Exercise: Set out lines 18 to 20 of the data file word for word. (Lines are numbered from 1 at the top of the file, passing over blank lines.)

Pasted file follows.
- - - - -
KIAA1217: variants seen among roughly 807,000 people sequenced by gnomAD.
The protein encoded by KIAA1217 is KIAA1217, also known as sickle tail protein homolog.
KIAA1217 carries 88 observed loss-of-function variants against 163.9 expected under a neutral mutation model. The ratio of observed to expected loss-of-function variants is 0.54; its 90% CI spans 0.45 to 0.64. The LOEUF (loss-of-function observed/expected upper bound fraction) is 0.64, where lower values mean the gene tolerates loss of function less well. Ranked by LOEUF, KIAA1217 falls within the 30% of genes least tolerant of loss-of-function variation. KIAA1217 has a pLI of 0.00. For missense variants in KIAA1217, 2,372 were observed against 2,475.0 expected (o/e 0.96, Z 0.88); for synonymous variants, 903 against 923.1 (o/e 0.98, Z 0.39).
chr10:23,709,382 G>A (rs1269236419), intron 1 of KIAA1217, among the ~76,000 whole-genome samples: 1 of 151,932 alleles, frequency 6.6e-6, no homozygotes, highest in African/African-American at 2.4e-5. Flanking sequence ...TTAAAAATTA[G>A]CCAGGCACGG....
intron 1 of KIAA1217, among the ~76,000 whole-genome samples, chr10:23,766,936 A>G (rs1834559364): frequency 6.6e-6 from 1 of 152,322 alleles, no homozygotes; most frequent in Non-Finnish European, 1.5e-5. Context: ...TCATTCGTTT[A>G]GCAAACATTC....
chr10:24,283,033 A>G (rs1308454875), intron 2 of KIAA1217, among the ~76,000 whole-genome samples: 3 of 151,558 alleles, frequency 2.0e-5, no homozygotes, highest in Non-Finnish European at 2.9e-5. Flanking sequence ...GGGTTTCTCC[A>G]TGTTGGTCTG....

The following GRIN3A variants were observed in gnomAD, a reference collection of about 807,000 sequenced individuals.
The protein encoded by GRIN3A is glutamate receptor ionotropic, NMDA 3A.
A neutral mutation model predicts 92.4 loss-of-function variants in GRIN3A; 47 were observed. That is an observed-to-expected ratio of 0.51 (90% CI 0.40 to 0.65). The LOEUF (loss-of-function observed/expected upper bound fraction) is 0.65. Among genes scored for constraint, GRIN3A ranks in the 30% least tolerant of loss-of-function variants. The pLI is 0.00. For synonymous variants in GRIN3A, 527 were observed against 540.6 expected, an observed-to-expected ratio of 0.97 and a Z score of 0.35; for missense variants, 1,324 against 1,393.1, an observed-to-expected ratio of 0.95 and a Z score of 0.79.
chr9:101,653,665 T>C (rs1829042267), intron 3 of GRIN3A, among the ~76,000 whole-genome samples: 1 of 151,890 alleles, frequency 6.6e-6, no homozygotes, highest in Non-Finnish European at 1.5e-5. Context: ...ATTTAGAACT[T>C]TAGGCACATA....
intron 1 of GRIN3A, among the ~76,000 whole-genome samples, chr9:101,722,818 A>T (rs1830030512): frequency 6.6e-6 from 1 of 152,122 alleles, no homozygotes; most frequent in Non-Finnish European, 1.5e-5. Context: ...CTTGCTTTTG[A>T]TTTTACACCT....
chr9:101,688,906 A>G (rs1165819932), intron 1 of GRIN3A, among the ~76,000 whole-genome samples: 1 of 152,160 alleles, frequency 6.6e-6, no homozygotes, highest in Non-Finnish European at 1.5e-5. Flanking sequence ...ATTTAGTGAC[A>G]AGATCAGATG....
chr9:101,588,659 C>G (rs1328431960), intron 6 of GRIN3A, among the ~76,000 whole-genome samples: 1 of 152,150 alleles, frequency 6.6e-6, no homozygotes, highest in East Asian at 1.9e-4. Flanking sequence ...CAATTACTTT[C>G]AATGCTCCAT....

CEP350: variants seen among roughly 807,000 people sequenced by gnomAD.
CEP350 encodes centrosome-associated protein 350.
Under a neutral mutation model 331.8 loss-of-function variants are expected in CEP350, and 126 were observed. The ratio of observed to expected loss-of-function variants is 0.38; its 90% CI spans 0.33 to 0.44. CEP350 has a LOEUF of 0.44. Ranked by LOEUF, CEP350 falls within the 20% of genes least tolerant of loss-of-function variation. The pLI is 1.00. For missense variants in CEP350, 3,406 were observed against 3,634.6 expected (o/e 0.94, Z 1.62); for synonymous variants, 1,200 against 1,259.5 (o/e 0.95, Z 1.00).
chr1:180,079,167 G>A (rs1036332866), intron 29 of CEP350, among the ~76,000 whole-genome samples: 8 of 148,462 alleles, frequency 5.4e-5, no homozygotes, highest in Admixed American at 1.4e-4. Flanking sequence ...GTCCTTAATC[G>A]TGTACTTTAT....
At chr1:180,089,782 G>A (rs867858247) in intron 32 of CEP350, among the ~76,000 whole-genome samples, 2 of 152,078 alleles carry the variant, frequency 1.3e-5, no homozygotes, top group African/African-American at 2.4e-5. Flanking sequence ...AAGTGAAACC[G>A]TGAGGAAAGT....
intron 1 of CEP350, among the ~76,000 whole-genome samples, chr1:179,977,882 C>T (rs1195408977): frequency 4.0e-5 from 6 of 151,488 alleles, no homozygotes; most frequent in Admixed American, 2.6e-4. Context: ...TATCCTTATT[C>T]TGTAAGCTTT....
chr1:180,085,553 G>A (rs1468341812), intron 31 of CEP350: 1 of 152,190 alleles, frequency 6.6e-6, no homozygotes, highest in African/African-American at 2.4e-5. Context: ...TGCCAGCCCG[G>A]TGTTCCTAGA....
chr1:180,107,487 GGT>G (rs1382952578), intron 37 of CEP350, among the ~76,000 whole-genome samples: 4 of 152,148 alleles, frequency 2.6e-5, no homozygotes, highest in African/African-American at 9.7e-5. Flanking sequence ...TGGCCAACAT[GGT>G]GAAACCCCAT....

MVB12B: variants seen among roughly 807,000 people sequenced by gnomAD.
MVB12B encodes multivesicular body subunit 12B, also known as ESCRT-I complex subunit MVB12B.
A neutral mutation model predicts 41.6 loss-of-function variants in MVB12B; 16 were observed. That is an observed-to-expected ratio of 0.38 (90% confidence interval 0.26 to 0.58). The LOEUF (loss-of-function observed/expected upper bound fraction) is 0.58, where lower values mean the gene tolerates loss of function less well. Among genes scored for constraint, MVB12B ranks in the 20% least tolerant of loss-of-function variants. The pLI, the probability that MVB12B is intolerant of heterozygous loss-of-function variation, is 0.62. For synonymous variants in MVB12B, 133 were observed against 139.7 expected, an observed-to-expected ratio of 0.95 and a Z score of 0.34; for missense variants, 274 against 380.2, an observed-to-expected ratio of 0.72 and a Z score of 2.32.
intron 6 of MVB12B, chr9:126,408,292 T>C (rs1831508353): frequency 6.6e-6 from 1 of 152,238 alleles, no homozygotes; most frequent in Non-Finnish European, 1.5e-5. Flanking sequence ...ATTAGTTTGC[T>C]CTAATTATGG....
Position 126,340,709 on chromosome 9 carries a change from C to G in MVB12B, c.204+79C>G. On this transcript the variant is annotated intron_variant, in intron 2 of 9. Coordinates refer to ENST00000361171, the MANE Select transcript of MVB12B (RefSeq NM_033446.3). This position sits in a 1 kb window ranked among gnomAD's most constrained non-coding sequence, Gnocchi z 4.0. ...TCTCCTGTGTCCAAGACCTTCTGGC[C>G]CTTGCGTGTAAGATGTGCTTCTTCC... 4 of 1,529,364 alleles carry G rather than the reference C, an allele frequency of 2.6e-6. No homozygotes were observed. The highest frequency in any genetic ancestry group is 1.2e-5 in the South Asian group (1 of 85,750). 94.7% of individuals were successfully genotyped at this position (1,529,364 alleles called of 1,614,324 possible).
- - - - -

At chr1:180,089,782 G>A (rs867858247) in intron 32 of CEP350, among the ~76,000 whole-genome samples, 2 of 152,078 alleles carry the variant, frequency 1.3e-5, no homozygotes, top group African/African-American at 2.4e-5. Flanking sequence ...AAGTGAAACC[G>A]TGAGGAAAGT....
intron 1 of CEP350, among the ~76,000 whole-genome samples, chr1:179,977,882 C>T (rs1195408977): frequency 4.0e-5 from 6 of 151,488 alleles, no homozygotes; most frequent in Admixed American, 2.6e-4. Context: ...TATCCTTATT[C>T]TGTAAGCTTT....
chr1:180,085,553 G>A (rs1468341812), intron 31 of CEP350: 1 of 152,190 alleles, frequency 6.6e-6, no homozygotes, highest in African/African-American at 2.4e-5. Context: ...TGCCAGCCCG[G>A]TGTTCCTAGA....